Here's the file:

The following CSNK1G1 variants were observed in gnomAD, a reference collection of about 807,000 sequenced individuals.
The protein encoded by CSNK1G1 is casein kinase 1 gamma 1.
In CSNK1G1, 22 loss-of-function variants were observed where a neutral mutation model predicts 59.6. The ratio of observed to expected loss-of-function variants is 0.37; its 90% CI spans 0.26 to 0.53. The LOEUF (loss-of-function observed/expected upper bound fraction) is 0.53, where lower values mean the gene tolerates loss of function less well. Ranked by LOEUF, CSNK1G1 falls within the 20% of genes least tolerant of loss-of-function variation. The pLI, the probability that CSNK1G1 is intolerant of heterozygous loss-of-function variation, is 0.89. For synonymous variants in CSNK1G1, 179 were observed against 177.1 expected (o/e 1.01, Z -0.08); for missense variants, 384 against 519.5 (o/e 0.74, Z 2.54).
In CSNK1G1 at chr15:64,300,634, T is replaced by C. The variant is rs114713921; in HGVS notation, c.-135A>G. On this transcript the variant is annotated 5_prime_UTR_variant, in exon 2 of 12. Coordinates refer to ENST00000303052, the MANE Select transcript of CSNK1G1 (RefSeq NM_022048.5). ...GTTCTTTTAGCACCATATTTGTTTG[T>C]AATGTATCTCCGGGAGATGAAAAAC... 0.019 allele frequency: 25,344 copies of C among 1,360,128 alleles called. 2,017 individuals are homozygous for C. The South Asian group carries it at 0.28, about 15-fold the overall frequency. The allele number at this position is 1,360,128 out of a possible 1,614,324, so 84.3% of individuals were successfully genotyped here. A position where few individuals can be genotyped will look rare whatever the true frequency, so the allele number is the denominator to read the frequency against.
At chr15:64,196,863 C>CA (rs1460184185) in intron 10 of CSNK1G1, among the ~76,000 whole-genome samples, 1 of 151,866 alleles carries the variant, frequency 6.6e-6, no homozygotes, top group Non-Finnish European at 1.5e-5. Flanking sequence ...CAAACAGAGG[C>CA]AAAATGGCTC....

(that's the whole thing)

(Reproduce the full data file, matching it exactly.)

The following CSNK1G1 variants were observed in gnomAD, a reference collection of about 807,000 sequenced individuals.
The protein encoded by CSNK1G1 is casein kinase 1 gamma 1.
In CSNK1G1, 22 loss-of-function variants were observed where a neutral mutation model predicts 59.6. The ratio of observed to expected loss-of-function variants is 0.37; its 90% CI spans 0.26 to 0.53. The LOEUF (loss-of-function observed/expected upper bound fraction) is 0.53, where lower values mean the gene tolerates loss of function less well. Ranked by LOEUF, CSNK1G1 falls within the 20% of genes least tolerant of loss-of-function variation. The pLI, the probability that CSNK1G1 is intolerant of heterozygous loss-of-function variation, is 0.89. For synonymous variants in CSNK1G1, 179 were observed against 177.1 expected (o/e 1.01, Z -0.08); for missense variants, 384 against 519.5 (o/e 0.74, Z 2.54).
In CSNK1G1 at chr15:64,300,634, T is replaced by C. The variant is rs114713921; in HGVS notation, c.-135A>G. On this transcript the variant is annotated 5_prime_UTR_variant, in exon 2 of 12. Coordinates refer to ENST00000303052, the MANE Select transcript of CSNK1G1 (RefSeq NM_022048.5). ...GTTCTTTTAGCACCATATTTGTTTG[T>C]AATGTATCTCCGGGAGATGAAAAAC... 0.019 allele frequency: 25,344 copies of C among 1,360,128 alleles called. 2,017 individuals are homozygous for C. The South Asian group carries it at 0.28, about 15-fold the overall frequency. The allele number at this position is 1,360,128 out of a possible 1,614,324, so 84.3% of individuals were successfully genotyped here. A position where few individuals can be genotyped will look rare whatever the true frequency, so the allele number is the denominator to read the frequency against.
At chr15:64,196,863 C>CA (rs1460184185) in intron 10 of CSNK1G1, among the ~76,000 whole-genome samples, 1 of 151,866 alleles carries the variant, frequency 6.6e-6, no homozygotes, top group Non-Finnish European at 1.5e-5. Flanking sequence ...CAAACAGAGG[C>CA]AAAATGGCTC....